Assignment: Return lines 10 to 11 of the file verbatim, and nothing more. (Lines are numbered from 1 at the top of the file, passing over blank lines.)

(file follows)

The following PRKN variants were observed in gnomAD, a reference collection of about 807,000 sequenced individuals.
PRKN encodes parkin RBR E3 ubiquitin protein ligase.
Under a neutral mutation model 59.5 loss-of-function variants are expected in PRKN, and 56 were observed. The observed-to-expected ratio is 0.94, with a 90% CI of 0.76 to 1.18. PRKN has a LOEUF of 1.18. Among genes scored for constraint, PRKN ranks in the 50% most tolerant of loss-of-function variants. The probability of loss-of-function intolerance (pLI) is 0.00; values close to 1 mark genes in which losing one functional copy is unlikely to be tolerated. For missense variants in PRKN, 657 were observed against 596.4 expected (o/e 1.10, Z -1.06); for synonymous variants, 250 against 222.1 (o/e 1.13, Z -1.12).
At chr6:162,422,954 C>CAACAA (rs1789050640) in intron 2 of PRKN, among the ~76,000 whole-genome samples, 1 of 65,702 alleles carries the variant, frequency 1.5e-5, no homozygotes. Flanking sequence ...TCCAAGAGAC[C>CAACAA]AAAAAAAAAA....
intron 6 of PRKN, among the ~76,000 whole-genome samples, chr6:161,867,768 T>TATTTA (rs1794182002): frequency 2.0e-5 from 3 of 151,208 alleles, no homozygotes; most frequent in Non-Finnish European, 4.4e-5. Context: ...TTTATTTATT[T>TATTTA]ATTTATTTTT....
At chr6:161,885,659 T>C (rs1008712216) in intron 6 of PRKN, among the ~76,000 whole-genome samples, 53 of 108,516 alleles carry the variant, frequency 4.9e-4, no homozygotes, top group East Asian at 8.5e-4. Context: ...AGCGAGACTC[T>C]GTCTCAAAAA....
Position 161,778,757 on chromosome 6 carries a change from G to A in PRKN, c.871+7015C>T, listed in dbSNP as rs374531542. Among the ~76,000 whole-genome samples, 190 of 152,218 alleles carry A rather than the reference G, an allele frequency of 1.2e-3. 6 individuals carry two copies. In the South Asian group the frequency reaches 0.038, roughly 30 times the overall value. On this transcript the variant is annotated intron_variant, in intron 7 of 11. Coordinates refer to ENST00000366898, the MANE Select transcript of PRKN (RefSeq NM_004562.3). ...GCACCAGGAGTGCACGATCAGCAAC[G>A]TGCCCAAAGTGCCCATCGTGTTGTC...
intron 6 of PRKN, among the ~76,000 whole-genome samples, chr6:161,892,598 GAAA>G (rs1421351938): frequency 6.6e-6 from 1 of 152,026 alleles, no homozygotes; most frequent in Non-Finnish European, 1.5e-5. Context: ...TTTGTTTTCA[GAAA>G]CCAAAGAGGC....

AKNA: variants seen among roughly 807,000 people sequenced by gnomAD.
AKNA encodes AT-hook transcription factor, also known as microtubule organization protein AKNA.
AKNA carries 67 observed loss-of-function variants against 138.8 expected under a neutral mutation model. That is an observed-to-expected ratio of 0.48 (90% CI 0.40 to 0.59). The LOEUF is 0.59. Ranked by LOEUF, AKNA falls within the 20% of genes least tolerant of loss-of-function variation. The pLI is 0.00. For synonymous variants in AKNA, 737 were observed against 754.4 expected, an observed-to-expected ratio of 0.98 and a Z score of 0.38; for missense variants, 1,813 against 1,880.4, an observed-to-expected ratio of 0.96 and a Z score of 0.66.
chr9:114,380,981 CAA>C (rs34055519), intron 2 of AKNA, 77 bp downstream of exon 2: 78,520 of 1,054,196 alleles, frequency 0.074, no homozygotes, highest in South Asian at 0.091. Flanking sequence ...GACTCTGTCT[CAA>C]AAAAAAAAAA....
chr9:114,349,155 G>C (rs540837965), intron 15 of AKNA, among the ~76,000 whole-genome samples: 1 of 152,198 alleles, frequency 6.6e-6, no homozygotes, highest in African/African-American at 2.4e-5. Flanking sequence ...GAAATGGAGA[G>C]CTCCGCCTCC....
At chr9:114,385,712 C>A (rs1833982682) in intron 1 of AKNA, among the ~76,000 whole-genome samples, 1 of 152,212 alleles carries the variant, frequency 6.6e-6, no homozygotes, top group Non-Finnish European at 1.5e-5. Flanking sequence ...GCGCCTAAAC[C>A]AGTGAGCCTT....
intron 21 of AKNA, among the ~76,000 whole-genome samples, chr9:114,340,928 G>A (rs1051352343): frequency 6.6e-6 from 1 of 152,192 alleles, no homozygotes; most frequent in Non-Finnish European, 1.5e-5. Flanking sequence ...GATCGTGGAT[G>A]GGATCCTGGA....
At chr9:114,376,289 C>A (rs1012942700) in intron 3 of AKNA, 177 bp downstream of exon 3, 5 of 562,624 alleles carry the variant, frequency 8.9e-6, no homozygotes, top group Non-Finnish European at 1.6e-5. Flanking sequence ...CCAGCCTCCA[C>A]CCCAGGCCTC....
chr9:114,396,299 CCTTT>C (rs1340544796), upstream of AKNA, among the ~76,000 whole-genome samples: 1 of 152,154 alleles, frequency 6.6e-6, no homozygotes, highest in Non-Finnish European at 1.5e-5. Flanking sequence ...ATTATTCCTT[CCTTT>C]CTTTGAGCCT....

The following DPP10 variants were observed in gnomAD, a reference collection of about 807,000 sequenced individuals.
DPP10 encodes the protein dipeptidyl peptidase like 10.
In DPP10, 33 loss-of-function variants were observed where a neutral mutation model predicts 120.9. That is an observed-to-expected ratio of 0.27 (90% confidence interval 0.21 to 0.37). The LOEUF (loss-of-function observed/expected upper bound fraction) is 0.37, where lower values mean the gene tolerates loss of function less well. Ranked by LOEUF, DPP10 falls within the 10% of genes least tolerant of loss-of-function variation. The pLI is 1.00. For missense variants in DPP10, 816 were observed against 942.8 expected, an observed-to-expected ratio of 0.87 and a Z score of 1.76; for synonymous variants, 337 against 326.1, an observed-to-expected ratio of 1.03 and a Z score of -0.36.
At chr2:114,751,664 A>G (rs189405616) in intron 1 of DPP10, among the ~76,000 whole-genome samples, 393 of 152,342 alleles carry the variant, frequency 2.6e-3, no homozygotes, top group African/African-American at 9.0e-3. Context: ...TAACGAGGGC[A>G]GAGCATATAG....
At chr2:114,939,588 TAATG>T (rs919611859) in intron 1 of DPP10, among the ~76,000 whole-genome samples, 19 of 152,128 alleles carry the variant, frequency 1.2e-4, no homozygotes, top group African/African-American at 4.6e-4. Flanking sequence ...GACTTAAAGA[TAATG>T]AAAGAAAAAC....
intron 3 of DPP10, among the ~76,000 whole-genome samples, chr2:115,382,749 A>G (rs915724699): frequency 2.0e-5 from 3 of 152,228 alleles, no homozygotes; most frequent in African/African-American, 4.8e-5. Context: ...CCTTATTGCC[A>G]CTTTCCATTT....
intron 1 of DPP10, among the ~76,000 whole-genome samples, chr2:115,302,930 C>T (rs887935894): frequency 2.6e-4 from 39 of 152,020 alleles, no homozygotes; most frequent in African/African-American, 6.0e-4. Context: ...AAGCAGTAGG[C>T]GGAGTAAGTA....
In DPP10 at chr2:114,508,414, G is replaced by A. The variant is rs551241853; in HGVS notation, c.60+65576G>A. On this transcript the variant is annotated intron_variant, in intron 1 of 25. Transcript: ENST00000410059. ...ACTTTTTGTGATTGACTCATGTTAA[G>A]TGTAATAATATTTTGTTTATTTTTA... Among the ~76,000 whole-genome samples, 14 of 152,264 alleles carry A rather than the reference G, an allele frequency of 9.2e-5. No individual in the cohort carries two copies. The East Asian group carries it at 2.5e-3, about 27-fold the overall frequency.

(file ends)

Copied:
AKNA encodes AT-hook transcription factor, also known as microtubule organization protein AKNA.
AKNA carries 67 observed loss-of-function variants against 138.8 expected under a neutral mutation model. That is an observed-to-expected ratio of 0.48 (90% CI 0.40 to 0.59). The LOEUF is 0.59. Ranked by LOEUF, AKNA falls within the 20% of genes least tolerant of loss-of-function variation. The pLI is 0.00. For synonymous variants in AKNA, 737 were observed against 754.4 expected, an observed-to-expected ratio of 0.98 and a Z score of 0.38; for missense variants, 1,813 against 1,880.4, an observed-to-expected ratio of 0.96 and a Z score of 0.66.